Reno fever has been spreading like wildfire across Long Island, but all kitchen and bathroom transformations aren’t what they’re cracked up to be.

Remodeling has become a national pastime. In 2015 alone, Americans spent $326.1 billion on renovating, according to Curbed. 

“Your home is an investment, but it’s so much more than that,” says Zillow Lifestyle Expert Amanda Pendleton. “Put your time and money into projects that give you a home you and your family can enjoy and you’re proud of, but recognize that if you’re fixing up your home to appeal to potential buyers, go for changes that have broad appeal and that make an impact.”

Many homeowners are looking for ways to transform their dwelling. But are major renos that end up costing a pretty penny necessary? 

While kitchens and bathrooms may be numero uno, reno-wise, as it turns out, they’re not all that, value-wise. Unexpected spaces that have lots of potential and are just waiting to be discovered can be cool options. And they cost less to transform.

“At any price point, kitchen renovations are among the worst return on investment of the home improvements Zillow studied (Zillow Talk), at about 50 cents on the dollar,” Pendleton says. “You could spend $30,000 renovating a kitchen only to turn off some potential buyers who would have done it differently.”

When reimagining a space, consider whether changing it will enhance its functionality and affect the home’s value. Pendleton points out that creating a family room not only adds square footage and usable living space, but it suddenly opens up your home to a whole new set of buyers — the largest set of new home buyers in the market right now — millennials (42 percent of all buyers).

“Family rooms also don’t typically have a lot of custom features or personalization that could turn off potential buyers, like a kitchen could,” she adds. “Nationally, the median cost of a family room addition is $10,000, which is a relatively low investment for a highly desirable space and a larger footprint.”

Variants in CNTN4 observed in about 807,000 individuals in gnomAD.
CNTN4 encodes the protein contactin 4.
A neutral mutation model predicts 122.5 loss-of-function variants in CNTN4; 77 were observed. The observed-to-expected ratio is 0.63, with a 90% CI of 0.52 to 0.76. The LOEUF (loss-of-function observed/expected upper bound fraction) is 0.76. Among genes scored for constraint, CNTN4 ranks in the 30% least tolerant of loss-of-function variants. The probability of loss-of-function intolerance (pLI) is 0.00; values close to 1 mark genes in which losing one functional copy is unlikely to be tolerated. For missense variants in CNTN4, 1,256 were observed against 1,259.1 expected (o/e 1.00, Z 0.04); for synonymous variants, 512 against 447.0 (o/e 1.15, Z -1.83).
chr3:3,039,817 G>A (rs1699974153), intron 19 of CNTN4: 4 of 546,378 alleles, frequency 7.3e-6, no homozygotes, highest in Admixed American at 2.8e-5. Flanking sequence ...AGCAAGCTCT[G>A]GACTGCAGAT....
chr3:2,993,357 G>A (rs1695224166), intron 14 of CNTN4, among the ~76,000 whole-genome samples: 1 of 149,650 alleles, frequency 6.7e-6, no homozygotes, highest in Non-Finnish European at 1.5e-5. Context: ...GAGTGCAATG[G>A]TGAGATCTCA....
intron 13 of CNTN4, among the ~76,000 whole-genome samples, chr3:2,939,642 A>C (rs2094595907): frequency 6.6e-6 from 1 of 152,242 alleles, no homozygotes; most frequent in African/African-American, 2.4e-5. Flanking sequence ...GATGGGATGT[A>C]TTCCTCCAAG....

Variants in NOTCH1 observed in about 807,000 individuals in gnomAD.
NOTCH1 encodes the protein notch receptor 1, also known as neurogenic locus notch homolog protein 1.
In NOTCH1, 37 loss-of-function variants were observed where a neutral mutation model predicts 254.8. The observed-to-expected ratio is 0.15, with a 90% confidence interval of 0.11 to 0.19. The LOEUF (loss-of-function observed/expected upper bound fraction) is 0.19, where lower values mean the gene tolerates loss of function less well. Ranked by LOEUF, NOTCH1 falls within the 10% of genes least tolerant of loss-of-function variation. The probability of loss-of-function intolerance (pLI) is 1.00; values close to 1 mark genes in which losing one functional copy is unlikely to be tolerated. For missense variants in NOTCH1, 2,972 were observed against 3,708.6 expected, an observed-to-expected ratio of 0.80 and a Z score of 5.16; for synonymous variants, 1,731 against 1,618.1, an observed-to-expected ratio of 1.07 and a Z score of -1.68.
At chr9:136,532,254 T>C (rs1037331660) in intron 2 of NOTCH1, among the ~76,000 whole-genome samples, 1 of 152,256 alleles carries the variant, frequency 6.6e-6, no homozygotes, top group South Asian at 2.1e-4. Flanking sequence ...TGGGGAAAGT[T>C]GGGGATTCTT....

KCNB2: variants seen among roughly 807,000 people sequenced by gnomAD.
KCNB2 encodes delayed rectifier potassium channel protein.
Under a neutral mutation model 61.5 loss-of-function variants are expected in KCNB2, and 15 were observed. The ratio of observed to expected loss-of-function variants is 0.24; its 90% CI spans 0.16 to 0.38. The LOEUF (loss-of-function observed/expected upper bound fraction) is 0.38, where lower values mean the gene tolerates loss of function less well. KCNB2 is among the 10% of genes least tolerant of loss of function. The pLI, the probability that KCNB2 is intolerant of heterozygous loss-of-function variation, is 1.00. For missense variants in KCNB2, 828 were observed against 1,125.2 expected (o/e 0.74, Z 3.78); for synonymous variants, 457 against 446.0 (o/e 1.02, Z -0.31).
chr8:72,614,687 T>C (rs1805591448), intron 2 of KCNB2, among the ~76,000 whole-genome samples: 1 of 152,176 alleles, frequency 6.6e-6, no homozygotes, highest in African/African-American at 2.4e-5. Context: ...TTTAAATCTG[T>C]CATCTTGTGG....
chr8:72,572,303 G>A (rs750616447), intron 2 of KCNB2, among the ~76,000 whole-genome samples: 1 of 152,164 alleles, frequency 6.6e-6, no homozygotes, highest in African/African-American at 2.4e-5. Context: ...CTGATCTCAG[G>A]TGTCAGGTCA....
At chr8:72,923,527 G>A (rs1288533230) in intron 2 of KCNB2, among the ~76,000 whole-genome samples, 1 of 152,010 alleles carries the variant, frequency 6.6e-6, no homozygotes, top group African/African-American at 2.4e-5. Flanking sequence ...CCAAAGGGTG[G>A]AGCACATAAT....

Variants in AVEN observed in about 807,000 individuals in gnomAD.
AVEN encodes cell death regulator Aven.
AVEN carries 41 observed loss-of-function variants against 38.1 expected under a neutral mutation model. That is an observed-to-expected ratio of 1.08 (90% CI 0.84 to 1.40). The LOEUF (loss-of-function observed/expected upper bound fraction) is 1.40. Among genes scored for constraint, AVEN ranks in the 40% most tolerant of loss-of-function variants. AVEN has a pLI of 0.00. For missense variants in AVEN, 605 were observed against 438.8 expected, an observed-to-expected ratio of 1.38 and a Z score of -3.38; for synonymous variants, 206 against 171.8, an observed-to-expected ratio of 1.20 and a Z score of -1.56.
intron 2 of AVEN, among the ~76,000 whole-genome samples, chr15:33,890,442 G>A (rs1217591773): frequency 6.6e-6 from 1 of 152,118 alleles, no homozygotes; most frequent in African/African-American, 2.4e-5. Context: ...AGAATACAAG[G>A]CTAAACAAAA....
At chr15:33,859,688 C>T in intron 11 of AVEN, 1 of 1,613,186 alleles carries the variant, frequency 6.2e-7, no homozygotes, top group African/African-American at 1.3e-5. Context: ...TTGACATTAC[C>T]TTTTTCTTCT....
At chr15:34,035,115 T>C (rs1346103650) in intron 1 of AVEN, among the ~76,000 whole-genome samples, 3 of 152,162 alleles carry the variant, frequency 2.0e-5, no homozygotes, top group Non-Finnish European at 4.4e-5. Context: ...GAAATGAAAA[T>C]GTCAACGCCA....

Another option: new windows that save money on heating/cooling bills and signal to a potential buyer that this home has been well cared for. 

“But don’t go overboard,” she warns. “Investing in a stained-glass fresco is not going to increase the value of your home at the same rate.” 

Don’t forget about the garage. 

“Garage conversions are a great way to add living space to your home,” says Project Coordinator Evan Lewitas of Center Island Contracting, Inc. in Farmingdale. “As the space is both aboveground and already constructed, it is typically an inexpensive addition.” 

His tip: Many families utilize a one-car garage for creating an additional bedroom and/or bathroom, or, create a hotel-room sized suite with cabinets, a sink, and minifridge (in a two-car garage). Carpeting or laminate flooring are commonly used.

“In many cases, this newfound bedroom is great for an older relative moving in, or a child returning from college, or a caretaker,” he notes.

Need extra storage for coats, accessories, household stuff, vacuums, and more? Though not glamorous, mudrooms are au courant, and can add a little value as well. Some designer mudrooms include custom cubbies and closets for storage

“Another [unexpected] feature that buyers are loving are chalk walls in the playrooms or children’s bedrooms,”  says Melanie Mazzeo of Douglas Elliman Real Estate in Huntington. “I have seen them in kitchens too.” 

But very specific tastes and customizations decrease value, Mazzeo warns. 

“I have sold homes with murals painted on walls, which has taken away value because it is specific to the seller and does not appeal to new buyers.” 

Scott McGillivray, HGTV Canada’s real estate expert, suggests: If it’s in the budget, put in custom storage and heated tile floors in a mudroom.

Additional tips:

For living rooms: Hardwood floors, large windows and practical built-in bookcases, cabinetry can help add value. 

For dining rooms: Simple, inexpensive architectural details, like a chair rail, will help. Also, recessed lighting combined with a center fixture, and nice flooring.

Homeowners are discovering that all these surprising places can become stylish, functional spaces. While it’s hard to measure return on investment, they do add some value while enhancing a family’s enjoyment factor. And isn’t that what truly matters?

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